The Washington Post has added a new feature on the subject named Top Secret America. It has stories as well as interactive features to see where companies and agencies are located, who they contract with, etc. The way this stuff has expanded over the past decade is extremely creepy and almost never really reported on.
A major reason for concern about it is that necessity is not what’s driving its growth:
In the Department of Defense, where more than two-thirds of the intelligence programs reside, only a handful of senior officials – called Super Users – have the ability to even know about all the department’s activities. But as two of the Super Users indicated in interviews, there is simply no way they can keep up with the nation’s most sensitive work.
“I’m not going to live long enough to be briefed on everything” was how one Super User put it. The other recounted that for his initial briefing, he was escorted into a tiny, dark room, seated at a small table and told he couldn’t take notes. Program after program began flashing on a screen, he said, until he yelled ”Stop!” in frustration.
“I wasn’t remembering any of it,” he said.
Underscoring the seriousness of these issues are the conclusions of retired Army Lt. Gen. John R. Vines, who was asked last year to review the method for tracking the Defense Department’s most sensitive programs. Vines, who once commanded 145,000 troops in Iraq and is familiar with complex problems, was stunned by what he discovered.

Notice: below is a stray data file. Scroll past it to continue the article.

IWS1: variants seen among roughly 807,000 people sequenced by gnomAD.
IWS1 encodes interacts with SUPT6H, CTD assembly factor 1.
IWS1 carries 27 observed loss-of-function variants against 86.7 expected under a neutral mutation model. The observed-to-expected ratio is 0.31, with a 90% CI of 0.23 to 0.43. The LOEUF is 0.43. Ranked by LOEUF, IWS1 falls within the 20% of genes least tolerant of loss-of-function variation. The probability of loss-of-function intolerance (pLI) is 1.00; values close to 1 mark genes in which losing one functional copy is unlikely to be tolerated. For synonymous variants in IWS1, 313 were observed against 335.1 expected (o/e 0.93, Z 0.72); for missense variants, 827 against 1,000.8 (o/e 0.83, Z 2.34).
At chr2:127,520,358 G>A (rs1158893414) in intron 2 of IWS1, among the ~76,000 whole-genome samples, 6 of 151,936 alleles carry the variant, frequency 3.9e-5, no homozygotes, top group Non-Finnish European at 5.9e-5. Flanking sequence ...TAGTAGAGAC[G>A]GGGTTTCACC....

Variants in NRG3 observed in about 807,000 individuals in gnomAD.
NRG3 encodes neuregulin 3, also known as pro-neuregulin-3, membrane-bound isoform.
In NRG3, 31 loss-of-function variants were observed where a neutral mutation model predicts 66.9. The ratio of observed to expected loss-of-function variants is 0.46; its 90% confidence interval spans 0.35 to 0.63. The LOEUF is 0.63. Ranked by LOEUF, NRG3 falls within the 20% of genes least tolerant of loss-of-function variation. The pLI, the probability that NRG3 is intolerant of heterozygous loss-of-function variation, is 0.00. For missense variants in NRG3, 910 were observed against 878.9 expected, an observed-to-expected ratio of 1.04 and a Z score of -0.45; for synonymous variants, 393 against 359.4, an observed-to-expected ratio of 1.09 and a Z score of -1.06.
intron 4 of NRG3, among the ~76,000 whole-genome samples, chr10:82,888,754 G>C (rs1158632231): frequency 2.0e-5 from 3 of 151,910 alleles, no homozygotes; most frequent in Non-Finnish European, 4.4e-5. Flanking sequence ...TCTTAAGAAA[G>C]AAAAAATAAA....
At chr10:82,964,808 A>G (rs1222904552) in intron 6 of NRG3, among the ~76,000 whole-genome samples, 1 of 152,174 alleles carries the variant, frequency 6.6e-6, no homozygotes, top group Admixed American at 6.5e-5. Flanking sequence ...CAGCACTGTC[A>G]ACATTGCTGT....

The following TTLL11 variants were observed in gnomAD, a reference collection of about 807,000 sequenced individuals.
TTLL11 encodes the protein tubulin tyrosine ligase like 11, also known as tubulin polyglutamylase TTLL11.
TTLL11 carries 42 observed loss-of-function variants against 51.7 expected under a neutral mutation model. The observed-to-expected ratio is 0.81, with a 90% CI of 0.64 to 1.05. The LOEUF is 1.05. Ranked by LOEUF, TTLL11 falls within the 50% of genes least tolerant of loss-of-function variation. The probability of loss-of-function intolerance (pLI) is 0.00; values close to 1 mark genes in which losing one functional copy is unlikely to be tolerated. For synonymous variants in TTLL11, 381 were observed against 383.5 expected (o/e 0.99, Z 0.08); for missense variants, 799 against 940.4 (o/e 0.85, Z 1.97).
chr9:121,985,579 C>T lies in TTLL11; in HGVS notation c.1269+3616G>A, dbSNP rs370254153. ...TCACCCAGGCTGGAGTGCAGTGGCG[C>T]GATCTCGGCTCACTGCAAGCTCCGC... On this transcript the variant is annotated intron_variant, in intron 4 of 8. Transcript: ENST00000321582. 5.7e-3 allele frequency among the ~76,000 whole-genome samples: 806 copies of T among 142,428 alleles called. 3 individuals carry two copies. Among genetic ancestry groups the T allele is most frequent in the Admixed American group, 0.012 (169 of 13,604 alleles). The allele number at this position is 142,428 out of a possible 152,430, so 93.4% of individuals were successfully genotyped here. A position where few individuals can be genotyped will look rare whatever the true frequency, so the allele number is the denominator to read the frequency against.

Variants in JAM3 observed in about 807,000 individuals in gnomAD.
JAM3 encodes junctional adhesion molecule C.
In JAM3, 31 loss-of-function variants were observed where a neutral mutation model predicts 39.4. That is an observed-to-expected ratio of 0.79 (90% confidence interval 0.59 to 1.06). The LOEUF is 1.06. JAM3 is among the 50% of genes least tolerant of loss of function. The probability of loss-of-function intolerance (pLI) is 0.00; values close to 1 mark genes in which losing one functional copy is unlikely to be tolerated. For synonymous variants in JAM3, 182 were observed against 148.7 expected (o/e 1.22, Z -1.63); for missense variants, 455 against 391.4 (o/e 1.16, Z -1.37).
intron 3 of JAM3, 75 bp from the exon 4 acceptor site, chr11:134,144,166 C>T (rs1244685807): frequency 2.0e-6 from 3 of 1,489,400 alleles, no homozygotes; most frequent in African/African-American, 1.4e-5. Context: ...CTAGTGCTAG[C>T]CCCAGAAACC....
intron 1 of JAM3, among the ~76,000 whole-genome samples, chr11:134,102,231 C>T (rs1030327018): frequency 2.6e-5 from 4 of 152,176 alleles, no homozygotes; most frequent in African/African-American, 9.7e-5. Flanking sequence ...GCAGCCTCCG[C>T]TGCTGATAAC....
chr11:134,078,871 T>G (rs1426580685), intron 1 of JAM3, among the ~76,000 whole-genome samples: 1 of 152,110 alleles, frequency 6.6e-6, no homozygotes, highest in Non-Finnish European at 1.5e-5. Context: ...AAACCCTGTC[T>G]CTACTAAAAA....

“I’m not aware of any agency with the authority, responsibility or a process in place to coordinate all these interagency and commercial activities,” he said in an interview. “The complexity of this system defies description.”
The result, he added, is that it’s impossible to tell whether the country is safer because of all this spending and all these activities. “Because it lacks a synchronizing process, it inevitably results in message dissonance, reduced effectiveness and waste,” Vines said. “We consequently can’t effectively assess whether it is making us more safe.”
Another good resource is Spies for Hire, which has some information on the activities of some of the major contractors.
I’ll see if I can find more interesting stuff to post about this now that I have some more substantial background to work from than scattered news stories. For now, I’ll leave you with another recent one: Police Video Shows ProPublica Photographer Detained in Texas (includes video)